Thursday, November 5, 2020
Do you owe $10,000 or more in IRS tax debt?
In some cases, you can reach a tax resolution and settle for far less than the amount you owe. This is known as an Offer in Compromise.
An offer in compromise is a tax resolution settlement of a delinquent tax account for less than the original amount owed. However, you will not get such an Offer approved without specialized assistance. As per the data available, in the year 2004 only sixteen percent of Offers were accepted.
If you are the having tax disputes with the IRS, tax professionals like experienced Enrolled Agents (EAs), Certified Public Accountant (CPAs), and tax attorneys can help you reach a tax resolution. Tax resolution encompasses a wide variety of settlements which includes IRS audits, Federal Tax Liens (IRS Liens), bank levies or wage garnishments, IRS penalty abatement, innocent spouse defense, bankruptcy discharge analysis, Offer in Compromise, un-filed or delinquent tax returns, and IRS collection statute of limitation analysis.
Thus, it is advisable to seek services of professionals (like EAs, CPAs or tax attorneys) specializing in solving tax problems or negotiating a tax resolution. You should get in touch with these professionals if you are involved in tax disputes like un-filed returns, missing records, threat of levy, or, if you need a tax resolution like Installment Agreement or an Offer in Compromise or want to be declared Currently Not Collectible.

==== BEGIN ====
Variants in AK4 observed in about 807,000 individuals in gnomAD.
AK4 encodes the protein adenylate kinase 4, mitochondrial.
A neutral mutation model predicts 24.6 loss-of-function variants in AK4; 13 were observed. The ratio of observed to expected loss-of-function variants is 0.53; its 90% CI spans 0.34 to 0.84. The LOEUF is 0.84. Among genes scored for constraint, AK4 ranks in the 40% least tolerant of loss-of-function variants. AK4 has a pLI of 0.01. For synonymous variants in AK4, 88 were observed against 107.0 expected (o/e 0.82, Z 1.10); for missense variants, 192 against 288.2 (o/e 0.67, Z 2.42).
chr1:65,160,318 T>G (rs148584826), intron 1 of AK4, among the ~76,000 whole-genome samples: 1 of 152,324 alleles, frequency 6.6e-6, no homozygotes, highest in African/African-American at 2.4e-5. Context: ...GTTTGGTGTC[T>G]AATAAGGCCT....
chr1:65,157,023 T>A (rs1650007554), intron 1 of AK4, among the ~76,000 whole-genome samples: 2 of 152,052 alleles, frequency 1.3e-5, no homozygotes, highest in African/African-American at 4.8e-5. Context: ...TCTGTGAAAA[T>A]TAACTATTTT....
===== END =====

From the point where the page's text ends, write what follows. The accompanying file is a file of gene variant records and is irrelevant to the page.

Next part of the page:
For taxpayers, who are not able to reach a tax resolution immediately, an installment agreement can be a reasonable payment alternative. Installment agreements permit the full payment of the tax debt in smaller, more manageable amounts for the taxpayer. Currently Not Collectible is another tax resolution strategy, which implies that an individual has no ability to repay his or her tax debts. The Internal Revenue Service can affirm a person as "currently not collectible" after the IRS receives concrete substantiation that the individual has no capacity to pay.
Once the IRS proclaims an individual as "currently not collectible", the IRS discontinues its recovery or collection activities, including levies and garnishments. However, the IRS sends an annual statement to that taxpayer stating the amount of tax still owed. While currently in not collectible status, the ten-year statute of limitations on tax debt collection remains in force. If the IRS cannot collect its tax dues within the ten-year statutory period, the tax debt expires.
The IRS is perennially, under tremendous pressure to recover the billions of dollars, currently outstanding. Therefore, it will seriously consider all the reasonable offers to recover its debts and try to reach a tax resolution or close cases in all these areas.